This concept of “quality by design” has been used in a lot of other industries, most notably the automotive industry. Essentially, it's being very thoughtful about the process of developing a new product. By understanding not only the biological and chemical aspects of a new product, but also the infrastructure of how it's going to be manufactured, the outcome is improved.
The FDA has embraced this in new drug applications and processes. Those thoughtful conversations up front and then developing and designing experiments improve the drug development process.
Organics: Seth Goldman, President and TeaEO, Honest Tea
Food and beverage manufacturers can appeal to consumers with a range of regulated and unregulated language. “All natural” is a compelling but completely undefined term. “Organic” was similarly unregulated for years, but in 1990 the Organic Foods Production Act created the framework for a standards board and certification process that is overseen by the USDA.
Seth Goldman ’95, president and TeaEO of Honest Tea, began buying organic ingredients before the word had a legal definition. He says that that regulatory structure for organic foods is one that works.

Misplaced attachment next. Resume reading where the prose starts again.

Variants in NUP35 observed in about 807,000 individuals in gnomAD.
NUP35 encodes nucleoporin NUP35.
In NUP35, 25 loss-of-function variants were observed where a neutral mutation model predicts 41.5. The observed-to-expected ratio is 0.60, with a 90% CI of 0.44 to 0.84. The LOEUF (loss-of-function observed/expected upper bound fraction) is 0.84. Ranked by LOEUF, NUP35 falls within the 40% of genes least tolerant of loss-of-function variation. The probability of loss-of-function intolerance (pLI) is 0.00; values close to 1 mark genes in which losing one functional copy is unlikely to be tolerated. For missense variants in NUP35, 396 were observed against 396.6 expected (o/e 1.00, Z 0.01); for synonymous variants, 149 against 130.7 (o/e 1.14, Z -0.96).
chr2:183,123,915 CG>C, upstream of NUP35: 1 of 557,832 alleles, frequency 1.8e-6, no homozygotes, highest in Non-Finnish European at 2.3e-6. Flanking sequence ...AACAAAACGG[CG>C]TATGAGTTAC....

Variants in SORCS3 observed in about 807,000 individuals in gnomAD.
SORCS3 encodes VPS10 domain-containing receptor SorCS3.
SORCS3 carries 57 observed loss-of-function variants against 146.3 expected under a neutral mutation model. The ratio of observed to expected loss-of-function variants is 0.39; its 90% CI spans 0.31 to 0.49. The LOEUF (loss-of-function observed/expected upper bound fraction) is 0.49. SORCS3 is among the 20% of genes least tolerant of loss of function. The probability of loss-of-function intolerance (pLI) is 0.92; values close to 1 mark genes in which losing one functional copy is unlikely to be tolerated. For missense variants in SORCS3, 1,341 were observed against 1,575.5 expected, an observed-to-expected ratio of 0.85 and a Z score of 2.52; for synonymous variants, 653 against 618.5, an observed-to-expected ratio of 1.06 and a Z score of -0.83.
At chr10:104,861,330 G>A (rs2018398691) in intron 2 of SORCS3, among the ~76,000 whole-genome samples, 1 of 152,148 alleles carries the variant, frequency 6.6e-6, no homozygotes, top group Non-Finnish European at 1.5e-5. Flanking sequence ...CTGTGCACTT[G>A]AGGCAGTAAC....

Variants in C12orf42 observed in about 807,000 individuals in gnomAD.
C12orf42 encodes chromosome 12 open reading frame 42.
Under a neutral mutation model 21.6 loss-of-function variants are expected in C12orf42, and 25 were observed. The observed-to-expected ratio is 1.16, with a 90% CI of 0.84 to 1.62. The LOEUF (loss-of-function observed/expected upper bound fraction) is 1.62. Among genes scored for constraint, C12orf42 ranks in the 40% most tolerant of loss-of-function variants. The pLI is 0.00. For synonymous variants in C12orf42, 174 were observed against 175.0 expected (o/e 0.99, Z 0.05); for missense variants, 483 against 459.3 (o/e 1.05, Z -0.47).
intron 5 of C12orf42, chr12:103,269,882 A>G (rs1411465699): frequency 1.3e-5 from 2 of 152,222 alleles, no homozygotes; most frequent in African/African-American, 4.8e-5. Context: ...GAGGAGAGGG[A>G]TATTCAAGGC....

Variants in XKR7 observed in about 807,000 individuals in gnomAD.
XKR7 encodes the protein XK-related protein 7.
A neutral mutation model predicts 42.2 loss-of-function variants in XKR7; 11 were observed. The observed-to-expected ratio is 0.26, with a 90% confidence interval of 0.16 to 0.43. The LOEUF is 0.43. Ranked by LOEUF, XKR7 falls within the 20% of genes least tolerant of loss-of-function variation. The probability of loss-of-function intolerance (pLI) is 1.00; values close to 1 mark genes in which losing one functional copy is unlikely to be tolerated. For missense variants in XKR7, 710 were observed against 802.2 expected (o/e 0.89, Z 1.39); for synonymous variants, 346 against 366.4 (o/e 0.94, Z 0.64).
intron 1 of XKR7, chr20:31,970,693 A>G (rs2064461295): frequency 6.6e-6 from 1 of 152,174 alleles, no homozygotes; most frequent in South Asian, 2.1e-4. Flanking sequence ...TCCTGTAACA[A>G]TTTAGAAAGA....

When we started in 1998, there was no single defining standard about what an organic label meant. As a result, the term had no real meaning. So even though we were spending extra money to make our product with certified organic ingredients, we weren’t realizing any benefits in the marketplace (though it may have had a karmic reward, which is worth something).
But since 2002 when the federal government collaborated with organic farmers and organic activists to create a single definition, consumers know what the USDA organic seal means. They may not all think that it’s worth paying for, but because it’s meaningful to some, stores are more deliberate about the way they design their offerings, manufacturers seek out organic ingredients, and consequently, farmers make the decision to go through the three-year conversion from conventional to organic. That means organic tea-growing communities see less chemical pesticides, fungicides, and herbicides. So what started with a government standard ripples all the way to a tea bush in India.
One reason the organic seal is so effective is because it’s a positive incentive: there’s no government mandate. There’s government enforcement of the standard, but nobody’s telling anybody they have to buy organic or make a product organic; it’s an aspirational standard with its own reward in the marketplace. It’s a great example of how business can attain a positive standard without a mandate or a big bureaucracy. Manufacturers, retailers, and consumers have the choice to reward organics or not.